November 17, 2009
It may come as a surprise to some readers to learn that the BCS has no centralized "brain" -- far from the monolithic ruler of the sport that it sometimes seems, the Series is only a loose cabal of conference commissioners whose primary duties remain with their individual leagues, with one commissioner taking over the top chair every two years. There's never been anyone at the top devoted exclusively to the BCS itself, until this morning:
BCS officials have selected Bill Hancock to become the first executive director of the postseason system. BCS coordinator and Atlantic Coast Conference commissioner John Swofford announced Hancock's promotion from administrator to his new position on Tuesday.
Hancock will replace the BCS coordinator. The coordinator position has rotated on a two-year basis between conference commissioners since the Bowl Championship Series was implemented in 1998.
The change undoubtedly comes with the increased pressure from Congress this summer and the formal organization of an anti-BCS lobby in Washington to accelerate the Series' demise, which has turned its defense into a full-time job. It also undoubtedly comes to the relief of the conference commissioners like Swofford and the Big Ten's Jim Delany, who have had to take time out of their actual jobs to deal with intensifying media scrutiny, get berated by grandstanding Congressmen and generally come across as villains for defending a client most people -- including quite a few of the most high-profile coaches and the advocate-in-chief -- judged "guilty" years ago. That requires a full-time, public, marketing savvy cheerleader to hammer home talking points like "Every game is a playoff," and Hancock has been one of the few full-time employees the BCS has ever had in his mostly behind-the-scenes capacity as spokesman and administrator the last four years.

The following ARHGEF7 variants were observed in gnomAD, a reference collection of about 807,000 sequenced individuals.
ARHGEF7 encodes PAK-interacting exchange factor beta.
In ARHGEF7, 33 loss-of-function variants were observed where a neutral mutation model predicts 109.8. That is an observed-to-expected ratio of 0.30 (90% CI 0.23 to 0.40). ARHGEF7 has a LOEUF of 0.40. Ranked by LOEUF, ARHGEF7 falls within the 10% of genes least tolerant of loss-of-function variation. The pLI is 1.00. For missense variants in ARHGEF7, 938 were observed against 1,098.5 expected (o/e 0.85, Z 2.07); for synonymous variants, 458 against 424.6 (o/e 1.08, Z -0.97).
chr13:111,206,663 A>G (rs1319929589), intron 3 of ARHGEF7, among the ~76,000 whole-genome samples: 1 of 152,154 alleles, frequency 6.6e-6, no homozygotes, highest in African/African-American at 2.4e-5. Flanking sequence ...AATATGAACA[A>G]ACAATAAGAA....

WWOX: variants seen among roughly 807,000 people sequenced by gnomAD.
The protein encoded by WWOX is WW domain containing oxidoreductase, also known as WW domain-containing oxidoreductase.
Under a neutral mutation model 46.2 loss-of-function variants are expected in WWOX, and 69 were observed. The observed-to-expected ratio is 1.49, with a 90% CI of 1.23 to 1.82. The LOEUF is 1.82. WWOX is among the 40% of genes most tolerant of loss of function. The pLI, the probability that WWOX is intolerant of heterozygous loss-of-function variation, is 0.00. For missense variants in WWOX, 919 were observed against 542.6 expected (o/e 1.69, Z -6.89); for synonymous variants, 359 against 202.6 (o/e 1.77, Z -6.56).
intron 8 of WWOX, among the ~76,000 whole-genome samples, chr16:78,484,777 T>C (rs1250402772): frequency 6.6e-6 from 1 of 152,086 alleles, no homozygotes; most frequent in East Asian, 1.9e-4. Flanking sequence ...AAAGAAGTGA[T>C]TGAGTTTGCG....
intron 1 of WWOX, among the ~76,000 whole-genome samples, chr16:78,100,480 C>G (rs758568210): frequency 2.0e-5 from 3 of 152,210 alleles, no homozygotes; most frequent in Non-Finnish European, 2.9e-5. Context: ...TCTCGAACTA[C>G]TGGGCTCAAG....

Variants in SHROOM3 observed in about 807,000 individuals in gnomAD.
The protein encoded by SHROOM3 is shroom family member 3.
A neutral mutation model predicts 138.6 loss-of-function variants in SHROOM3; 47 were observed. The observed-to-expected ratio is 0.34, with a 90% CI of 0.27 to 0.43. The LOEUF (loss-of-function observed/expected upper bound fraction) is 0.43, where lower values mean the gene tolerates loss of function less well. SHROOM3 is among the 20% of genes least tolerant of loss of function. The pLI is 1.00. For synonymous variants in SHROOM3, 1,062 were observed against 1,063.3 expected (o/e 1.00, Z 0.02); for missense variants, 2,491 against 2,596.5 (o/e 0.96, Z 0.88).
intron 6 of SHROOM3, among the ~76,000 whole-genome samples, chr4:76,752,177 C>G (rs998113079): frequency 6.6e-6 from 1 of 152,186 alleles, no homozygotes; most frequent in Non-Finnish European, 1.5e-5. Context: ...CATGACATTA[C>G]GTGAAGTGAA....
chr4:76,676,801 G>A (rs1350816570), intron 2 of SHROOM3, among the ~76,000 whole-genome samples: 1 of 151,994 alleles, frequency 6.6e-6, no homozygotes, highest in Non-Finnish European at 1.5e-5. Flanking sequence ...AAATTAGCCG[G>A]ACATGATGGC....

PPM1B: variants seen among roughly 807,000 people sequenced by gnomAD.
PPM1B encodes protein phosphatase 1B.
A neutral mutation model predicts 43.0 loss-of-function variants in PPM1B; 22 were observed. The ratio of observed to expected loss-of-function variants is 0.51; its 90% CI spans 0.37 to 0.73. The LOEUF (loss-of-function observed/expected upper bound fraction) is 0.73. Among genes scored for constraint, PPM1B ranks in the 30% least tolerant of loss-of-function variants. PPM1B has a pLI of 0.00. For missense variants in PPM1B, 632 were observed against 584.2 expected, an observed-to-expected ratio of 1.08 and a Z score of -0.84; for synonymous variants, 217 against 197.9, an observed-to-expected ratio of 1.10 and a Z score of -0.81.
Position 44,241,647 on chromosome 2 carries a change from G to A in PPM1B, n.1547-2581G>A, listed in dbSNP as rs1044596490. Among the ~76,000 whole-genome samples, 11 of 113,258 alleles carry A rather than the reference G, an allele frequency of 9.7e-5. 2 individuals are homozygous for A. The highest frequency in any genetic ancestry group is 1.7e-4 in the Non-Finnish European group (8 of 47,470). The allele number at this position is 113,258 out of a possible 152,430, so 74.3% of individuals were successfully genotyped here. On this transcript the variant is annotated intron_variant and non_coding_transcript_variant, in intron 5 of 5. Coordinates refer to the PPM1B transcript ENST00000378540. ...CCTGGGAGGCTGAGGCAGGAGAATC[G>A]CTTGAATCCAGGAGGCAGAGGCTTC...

Hancock stands, then, to become the first true "Face of the BCS" in the media when he officially takes over in January. Good luck with that, Bill, and we promise we don't bite. Very hard.